It remains beyond me that such a serious bug was missed and then ignored.
I don't think we should assume it was ignored. As I noted, it was first reported back in February and Microsoft released an update to fix it. And apparently it did fix it. But it resurfaced - or more likely was "reintroduced" when another update or modification came out.
But an update or mod to what? Who knows? It could have been an update to Windows, or some driver update by NVIDIA, the motherboard chipset maker or another HW maker, or a mod to the widget or to the code that runs the widget. IDK!
Again, we have to remember that essentially each and every one of the 1.6+ billion Windows machines out there are unique machines as we configure our own unique hardware combinations (from 100s of different makers), install our security and 3rd party apps, and well as our own Windows "Personalizations", changes to the defaults (a biggie!) and "tweaks".
Point being, it is unrealistic to expect that Microsoft, even with unlimited resources, could think of and prepare for every scenario possible, let alone test every possible scenario before releasing updates. And again, this apparently is only affecting a tiny percentage of people. AFAIK, this is the only thread at TPU on this topic.
Personally, with 50 million lines of code, I'm amazed more people don't encounter more bugs all the time!!! The Microsoft developers deserve some credit there, despite our personal feelings about the company itself.
"Serious bug", in this case, is a very relative term. Does this issue affect computer or user security? Apparently not! So is it really a "serious" bug? It certainly is not "critical" - at least not IMO because it is not a security issue. Nor is it (as far as we know) affecting [100s of, 10s of, or just] millions of users.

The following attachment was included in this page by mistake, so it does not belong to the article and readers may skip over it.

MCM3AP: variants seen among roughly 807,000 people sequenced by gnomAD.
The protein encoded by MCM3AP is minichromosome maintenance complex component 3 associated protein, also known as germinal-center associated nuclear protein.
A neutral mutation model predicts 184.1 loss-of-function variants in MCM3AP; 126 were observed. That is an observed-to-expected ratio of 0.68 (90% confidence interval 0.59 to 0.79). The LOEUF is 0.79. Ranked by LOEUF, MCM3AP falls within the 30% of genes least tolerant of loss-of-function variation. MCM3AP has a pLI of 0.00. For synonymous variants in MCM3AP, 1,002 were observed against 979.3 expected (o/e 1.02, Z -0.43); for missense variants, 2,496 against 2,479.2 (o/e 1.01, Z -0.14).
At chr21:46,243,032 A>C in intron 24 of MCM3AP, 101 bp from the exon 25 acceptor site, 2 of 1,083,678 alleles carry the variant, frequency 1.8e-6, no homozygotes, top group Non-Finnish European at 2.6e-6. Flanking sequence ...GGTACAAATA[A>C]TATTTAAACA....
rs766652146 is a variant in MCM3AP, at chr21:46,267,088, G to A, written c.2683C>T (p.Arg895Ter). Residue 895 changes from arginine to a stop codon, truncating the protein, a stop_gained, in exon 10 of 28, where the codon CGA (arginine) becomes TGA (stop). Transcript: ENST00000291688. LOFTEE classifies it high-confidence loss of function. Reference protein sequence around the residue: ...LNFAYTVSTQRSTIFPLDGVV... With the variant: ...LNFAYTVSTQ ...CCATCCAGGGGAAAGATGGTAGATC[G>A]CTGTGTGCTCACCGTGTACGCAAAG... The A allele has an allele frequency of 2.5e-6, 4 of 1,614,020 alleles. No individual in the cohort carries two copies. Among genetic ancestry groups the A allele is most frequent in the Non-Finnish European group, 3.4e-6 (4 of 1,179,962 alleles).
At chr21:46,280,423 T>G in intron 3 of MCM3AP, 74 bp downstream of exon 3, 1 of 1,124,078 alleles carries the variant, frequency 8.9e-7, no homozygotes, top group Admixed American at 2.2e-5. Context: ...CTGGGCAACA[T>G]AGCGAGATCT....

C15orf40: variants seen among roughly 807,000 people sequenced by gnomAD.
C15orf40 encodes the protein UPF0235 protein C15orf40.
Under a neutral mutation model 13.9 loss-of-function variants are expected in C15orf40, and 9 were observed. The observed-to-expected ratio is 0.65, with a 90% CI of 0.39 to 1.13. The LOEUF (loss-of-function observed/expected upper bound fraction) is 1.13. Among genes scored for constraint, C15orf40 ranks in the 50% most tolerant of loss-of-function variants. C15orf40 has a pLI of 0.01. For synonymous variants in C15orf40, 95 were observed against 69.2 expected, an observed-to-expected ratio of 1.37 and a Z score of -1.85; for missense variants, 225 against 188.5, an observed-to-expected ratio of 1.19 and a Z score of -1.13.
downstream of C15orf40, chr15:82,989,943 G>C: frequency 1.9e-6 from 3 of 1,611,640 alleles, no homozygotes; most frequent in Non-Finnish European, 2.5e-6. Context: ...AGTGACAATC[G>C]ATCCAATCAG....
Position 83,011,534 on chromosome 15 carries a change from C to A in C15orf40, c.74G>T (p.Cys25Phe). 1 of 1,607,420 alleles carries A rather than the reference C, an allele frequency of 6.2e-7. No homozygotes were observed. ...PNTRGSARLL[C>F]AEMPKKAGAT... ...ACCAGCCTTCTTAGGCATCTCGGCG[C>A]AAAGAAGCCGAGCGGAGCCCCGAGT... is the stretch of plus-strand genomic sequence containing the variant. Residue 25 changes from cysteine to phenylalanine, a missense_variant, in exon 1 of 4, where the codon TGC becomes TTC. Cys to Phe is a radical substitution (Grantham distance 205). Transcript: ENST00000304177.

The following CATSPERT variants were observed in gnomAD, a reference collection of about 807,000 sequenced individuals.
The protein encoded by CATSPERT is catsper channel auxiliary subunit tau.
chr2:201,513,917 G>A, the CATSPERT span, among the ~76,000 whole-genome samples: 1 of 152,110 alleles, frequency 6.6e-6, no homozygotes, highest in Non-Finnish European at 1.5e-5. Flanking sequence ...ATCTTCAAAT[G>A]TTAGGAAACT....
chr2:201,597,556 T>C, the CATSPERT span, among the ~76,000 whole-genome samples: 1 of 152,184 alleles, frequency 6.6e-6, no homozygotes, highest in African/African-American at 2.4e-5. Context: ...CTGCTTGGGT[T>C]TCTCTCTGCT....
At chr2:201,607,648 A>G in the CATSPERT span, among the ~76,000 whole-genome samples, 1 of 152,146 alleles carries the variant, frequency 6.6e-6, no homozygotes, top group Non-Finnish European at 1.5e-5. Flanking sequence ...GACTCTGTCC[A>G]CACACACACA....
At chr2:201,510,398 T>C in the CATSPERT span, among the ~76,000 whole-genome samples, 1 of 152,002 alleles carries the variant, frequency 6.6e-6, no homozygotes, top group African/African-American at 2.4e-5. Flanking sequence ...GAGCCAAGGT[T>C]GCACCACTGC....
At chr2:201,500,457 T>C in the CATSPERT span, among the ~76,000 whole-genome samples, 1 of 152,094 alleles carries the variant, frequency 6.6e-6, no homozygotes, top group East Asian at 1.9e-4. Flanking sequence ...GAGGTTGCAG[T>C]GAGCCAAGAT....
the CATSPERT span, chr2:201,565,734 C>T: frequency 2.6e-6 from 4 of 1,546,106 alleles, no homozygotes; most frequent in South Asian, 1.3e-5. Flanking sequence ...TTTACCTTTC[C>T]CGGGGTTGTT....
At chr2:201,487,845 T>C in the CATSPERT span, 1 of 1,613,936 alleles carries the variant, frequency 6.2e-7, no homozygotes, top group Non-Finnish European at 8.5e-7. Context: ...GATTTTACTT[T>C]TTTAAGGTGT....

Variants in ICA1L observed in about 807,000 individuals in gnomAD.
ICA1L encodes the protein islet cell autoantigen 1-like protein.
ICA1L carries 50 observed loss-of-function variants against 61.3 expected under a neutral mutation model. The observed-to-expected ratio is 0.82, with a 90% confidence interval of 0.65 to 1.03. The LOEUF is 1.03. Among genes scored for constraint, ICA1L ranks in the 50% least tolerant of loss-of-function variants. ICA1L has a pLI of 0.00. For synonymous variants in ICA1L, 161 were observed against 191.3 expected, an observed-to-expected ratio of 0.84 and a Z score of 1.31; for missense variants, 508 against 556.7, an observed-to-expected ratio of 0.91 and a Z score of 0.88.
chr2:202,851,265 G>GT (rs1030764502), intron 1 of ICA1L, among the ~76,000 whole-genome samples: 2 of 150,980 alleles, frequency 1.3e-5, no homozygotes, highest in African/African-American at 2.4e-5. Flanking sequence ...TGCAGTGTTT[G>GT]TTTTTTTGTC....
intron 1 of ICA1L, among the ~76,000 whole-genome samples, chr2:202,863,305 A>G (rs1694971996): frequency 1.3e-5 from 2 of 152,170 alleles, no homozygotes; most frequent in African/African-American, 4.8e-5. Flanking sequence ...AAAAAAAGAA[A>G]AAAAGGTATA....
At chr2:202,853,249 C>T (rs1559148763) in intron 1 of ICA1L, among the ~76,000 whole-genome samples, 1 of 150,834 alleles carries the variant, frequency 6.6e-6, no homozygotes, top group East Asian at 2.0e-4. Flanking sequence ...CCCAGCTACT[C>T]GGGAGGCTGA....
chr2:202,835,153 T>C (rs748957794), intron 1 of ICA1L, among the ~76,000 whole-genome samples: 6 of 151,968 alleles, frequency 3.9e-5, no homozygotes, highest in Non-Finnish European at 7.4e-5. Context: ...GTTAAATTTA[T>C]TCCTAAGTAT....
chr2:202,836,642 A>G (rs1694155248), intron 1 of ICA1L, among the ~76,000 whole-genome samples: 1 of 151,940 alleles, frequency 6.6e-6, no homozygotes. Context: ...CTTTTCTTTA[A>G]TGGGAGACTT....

Now for sure, even if 0.1% of those 1.6 billion users are affected, that is 1.6 million users! And that would be a lot of upset users - users who deserve to be heard and NOT ignored.
So again, since you are one of those few impacted, then indeed, it "IS
" serious for you! So in no way am I trying to downplay the problem. This is especially true if it causes your system to lock up, or worse, you lose data. That would be totally unacceptable. But I just don't think "serious" for a relatively few users (when security is not an issue) can, or even should constitute a top priority for Microsoft - not when there are armies (some state sanctioned!
) bad guys out there actively intent on conducting "serious" malicious harm.
Also, and I know you already are fully aware of this Andy (so speaking to the crowd), fixing problems is easy and usually quick too! It is the actual troubleshooting required to pinpoint the problem where the expert knowledge, training, experience and invested time consumes the vast majority of resources. And when troubleshooting unseen, obscure problems, if you cannot duplicate the problem at will
, then pinpointing the defect/bug becomes a nearly impossible challenge. My point there is I believe if this was a simple-to-duplicate issue, Microsoft would have fixed it once and for all the first time around.
Of course, I could be wrong.